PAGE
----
Cardio Exercise Guidelines
In a previous article, I discussed the components of a well-designed fitness program. Such a program should include cardio, strength training, flexibility, balance, and agility exercises. In this article, Jim Borden, a personal trainer with Fitness Together, a gym located in Newtown Square, Pennsylvania, takes a closer look at the cardio aspect of a fitness program.
Cardiovascular exercise, or cardio for short, is any type of activity that increases the work of the heart and lungs. Examples of cardio activities include walking, running, swimming, rowing, and biking. According to the Physical Activity Guidelines issued by the American College of Sports Medicine (ACSM) and the American Heart Association (AHA), adults should get at least 30 minutes of moderately intense cardio (similar to a brisk walk), five days a week, or vigorously intense cardio (rapid breathing and an increase in heart rate) 20 minutes a day, three days a week. These represent minimum guidelines for individuals who are simply looking to improve their health.
The benefits of cardio are numerous. Cardio exercise can play a key role in weight loss, reduce stress, improve cholesterol levels, provide more energy, enable you to sleep better, and reduce the health risks associated with heart disease, diabetes, and high blood pressure.
When designing a cardio program, there are four considerations to keep in mind, known as the FITT principles.
Frequency – how often you should engage in cardio activity. Note the guidelines from ACSM/AHA recommend 3 to 5 days per week, depending on factors such as Intensity or Time (see below).
Intensity – how vigorous the activity should be. There are many ways to measure intensity; one of the best is through the use a heart rate monitor. Intensity can range anywhere from 60% to 90% of your estimated maximum heart rate (MHR). A quick and easy way to estimate your MHR is to subtract your age from 220. Thus, a 50 year old would have an MHR of 220-50, or 170. Generally speaking, the longer your workout (see Time), the lower your intensity should be.
Time – how long the workout should last. Again, the ACSM/AHA have offered guidelines with respect to the duration of the workout. Not counting the warm-up or cool down periods, cardio workouts should accumulate to at least 30 minutes per day, if intensity is at a moderate level, or 20 minutes per day if done at a more intense level. If the goal is weight loss, then the cardio session should be longer than these minimum guidelines. If you cannot complete a 20- or 30-minute session all at one time, then accumulating those totals can be split across multiple sessions during the day. However, it is recommended that such sessions include at least 10 minutes of continuous activity at the desired intensity level.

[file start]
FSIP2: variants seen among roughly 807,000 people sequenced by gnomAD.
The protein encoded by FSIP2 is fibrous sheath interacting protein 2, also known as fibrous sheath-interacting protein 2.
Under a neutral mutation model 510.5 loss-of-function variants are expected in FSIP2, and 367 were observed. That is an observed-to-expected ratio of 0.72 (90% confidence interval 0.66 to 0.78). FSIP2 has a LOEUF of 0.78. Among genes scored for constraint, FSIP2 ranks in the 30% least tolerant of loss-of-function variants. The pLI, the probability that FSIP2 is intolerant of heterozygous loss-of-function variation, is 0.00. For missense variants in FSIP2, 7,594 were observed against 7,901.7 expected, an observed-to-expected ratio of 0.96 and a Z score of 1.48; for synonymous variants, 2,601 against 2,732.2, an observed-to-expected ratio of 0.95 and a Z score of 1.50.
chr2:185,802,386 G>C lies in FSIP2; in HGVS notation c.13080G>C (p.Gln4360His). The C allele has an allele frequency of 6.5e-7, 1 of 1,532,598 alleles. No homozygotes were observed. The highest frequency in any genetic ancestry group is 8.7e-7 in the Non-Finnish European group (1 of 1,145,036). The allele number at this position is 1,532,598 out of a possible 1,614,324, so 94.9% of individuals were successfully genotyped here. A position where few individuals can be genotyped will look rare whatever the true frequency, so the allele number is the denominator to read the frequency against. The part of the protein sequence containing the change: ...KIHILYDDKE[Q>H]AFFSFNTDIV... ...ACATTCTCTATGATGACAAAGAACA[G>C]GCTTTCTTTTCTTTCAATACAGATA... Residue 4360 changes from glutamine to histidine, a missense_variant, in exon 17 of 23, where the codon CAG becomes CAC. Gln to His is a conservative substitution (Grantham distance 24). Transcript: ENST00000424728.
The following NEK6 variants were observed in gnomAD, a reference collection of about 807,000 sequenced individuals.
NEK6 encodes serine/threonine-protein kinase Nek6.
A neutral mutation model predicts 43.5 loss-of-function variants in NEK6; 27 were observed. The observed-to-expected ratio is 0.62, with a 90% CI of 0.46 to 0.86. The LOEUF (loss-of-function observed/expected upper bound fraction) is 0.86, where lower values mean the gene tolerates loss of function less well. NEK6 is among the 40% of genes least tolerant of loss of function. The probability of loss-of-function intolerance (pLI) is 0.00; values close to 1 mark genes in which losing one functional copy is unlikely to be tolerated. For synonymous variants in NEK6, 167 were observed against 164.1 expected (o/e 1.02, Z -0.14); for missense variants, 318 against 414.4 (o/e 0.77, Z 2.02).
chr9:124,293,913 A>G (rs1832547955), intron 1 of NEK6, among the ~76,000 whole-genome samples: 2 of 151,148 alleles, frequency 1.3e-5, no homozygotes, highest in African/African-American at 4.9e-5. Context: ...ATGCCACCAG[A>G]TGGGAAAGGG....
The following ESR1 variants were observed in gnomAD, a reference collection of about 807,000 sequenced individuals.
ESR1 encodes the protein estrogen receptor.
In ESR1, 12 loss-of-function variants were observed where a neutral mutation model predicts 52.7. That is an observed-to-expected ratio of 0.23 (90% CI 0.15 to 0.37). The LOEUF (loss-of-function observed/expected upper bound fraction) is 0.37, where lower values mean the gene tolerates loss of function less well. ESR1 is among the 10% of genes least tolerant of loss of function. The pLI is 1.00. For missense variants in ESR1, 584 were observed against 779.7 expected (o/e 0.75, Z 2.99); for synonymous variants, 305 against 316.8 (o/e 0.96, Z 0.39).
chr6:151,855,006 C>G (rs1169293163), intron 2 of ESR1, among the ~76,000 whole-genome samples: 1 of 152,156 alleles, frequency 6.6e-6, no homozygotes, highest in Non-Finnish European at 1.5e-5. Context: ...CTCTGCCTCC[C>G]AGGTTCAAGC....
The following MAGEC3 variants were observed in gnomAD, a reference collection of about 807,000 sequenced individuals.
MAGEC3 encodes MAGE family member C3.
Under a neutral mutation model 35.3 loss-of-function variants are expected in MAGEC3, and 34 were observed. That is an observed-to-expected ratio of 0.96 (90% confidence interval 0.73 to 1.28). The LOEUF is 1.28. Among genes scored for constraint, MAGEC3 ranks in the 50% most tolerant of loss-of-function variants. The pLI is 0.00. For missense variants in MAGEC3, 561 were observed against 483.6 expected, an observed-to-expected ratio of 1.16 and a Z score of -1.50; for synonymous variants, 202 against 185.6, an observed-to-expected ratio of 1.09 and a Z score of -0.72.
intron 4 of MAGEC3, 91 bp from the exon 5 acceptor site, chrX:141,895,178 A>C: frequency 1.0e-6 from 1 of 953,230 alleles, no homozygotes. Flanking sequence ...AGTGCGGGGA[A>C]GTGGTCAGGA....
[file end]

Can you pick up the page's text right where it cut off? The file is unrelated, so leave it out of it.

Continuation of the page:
Type – the particular activity that you engage in. Once again, some examples are walking, swimming, and rowing. Some of the considerations in choosing the type of activity to engage in include your enjoyment of the activity, your current fitness level, and your skill level in performing the activity.
Every cardio workout should include at least a 5-minute warm-up. The warm-up could be any activity that gets the muscles moving and the blood flowing, and should be performed at an intensity below the level to be used in the cardio workout. Following the cardio session, there should also be a cool-down period, which could simply be the same type of cardio activity, but at a decreased activity level. The cool down is also an ideal time to engage in some flexibility exercises.
When starting a cardio exercise program, you should start slow and focus on proper mechanics, good posture, and safety. If you cannot meet the minimum guidelines indicated above, then gradually build up to that point by adding a little bit more each time. This will help improve your endurance, and once you have reached the time goal, you can start to tinker with the intensity levels as a way of adding variety to your workouts.
Remember, any movement activity is good for you, so just make a commitment to get started on a cardio program, and you will begin to reap the benefits immediately.
The information in the article is not intended to substitute for the medical expertise and advice of your healthcare provider. We encourage you to discuss any decisions about treatment or care with an appropriate healthcare provider.
Source by Yodle